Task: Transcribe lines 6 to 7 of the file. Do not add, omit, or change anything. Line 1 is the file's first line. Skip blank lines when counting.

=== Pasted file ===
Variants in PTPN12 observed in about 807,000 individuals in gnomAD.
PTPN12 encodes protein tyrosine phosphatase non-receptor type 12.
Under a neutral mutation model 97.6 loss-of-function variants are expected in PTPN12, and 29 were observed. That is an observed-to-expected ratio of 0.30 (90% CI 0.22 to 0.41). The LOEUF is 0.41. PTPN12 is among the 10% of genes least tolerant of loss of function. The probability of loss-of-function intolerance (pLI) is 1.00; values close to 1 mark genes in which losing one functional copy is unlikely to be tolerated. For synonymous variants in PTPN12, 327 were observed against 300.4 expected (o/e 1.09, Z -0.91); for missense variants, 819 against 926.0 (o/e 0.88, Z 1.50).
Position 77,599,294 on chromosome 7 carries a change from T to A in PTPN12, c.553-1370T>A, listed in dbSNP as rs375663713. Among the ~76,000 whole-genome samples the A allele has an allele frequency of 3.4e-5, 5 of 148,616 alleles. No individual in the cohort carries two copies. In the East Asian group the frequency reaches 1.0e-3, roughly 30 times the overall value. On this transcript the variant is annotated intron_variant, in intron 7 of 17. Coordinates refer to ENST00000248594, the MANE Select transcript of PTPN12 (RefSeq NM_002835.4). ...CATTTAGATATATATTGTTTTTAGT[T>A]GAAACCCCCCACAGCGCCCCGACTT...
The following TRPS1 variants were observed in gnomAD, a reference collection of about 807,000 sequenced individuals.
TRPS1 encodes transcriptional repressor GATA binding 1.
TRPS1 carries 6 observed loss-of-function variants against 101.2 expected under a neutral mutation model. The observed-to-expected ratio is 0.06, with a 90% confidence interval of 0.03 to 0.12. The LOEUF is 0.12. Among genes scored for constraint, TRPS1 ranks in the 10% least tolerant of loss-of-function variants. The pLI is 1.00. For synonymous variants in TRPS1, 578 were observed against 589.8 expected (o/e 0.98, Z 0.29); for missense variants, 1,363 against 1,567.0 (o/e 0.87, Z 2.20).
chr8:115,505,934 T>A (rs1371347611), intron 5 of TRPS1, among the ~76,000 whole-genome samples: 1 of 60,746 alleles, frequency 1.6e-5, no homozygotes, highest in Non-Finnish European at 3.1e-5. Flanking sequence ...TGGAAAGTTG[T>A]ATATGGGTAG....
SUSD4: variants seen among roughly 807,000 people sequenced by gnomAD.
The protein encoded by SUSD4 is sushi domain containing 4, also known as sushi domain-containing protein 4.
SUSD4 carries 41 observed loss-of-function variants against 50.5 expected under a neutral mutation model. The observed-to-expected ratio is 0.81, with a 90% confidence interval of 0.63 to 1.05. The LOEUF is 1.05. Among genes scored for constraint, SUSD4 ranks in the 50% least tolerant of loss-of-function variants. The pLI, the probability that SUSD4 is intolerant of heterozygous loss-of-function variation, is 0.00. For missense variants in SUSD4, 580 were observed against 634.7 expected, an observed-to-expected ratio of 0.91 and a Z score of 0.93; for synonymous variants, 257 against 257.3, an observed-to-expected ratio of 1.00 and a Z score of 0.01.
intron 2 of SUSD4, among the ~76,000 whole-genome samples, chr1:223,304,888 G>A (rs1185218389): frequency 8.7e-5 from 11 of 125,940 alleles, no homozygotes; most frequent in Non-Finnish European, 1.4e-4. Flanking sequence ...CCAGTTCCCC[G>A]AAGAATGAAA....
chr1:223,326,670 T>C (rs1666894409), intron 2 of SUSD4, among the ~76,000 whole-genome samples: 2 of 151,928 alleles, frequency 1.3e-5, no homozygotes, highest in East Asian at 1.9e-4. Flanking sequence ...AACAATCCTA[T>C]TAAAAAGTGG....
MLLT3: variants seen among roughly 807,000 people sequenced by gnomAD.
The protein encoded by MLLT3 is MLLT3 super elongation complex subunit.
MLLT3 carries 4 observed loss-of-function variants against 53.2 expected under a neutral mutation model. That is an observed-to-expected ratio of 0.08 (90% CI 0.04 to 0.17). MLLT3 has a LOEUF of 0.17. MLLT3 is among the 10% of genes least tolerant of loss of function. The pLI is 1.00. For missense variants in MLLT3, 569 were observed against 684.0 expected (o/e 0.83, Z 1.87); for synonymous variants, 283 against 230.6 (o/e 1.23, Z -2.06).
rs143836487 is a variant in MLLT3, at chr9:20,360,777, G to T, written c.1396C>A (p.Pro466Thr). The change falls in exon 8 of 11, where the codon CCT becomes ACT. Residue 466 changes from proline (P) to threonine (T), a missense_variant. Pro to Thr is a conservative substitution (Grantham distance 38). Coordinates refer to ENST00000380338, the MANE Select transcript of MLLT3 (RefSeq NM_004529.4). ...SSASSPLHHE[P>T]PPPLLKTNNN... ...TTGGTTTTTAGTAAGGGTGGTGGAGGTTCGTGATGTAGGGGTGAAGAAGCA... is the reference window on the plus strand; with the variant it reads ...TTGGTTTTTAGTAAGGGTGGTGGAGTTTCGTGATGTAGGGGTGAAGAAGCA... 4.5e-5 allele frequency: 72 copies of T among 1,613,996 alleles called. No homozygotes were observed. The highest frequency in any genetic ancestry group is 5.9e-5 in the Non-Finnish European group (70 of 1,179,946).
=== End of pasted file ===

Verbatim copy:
TRPS1 encodes transcriptional repressor GATA binding 1.
TRPS1 carries 6 observed loss-of-function variants against 101.2 expected under a neutral mutation model. The observed-to-expected ratio is 0.06, with a 90% confidence interval of 0.03 to 0.12. The LOEUF is 0.12. Among genes scored for constraint, TRPS1 ranks in the 10% least tolerant of loss-of-function variants. The pLI is 1.00. For synonymous variants in TRPS1, 578 were observed against 589.8 expected (o/e 0.98, Z 0.29); for missense variants, 1,363 against 1,567.0 (o/e 0.87, Z 2.20).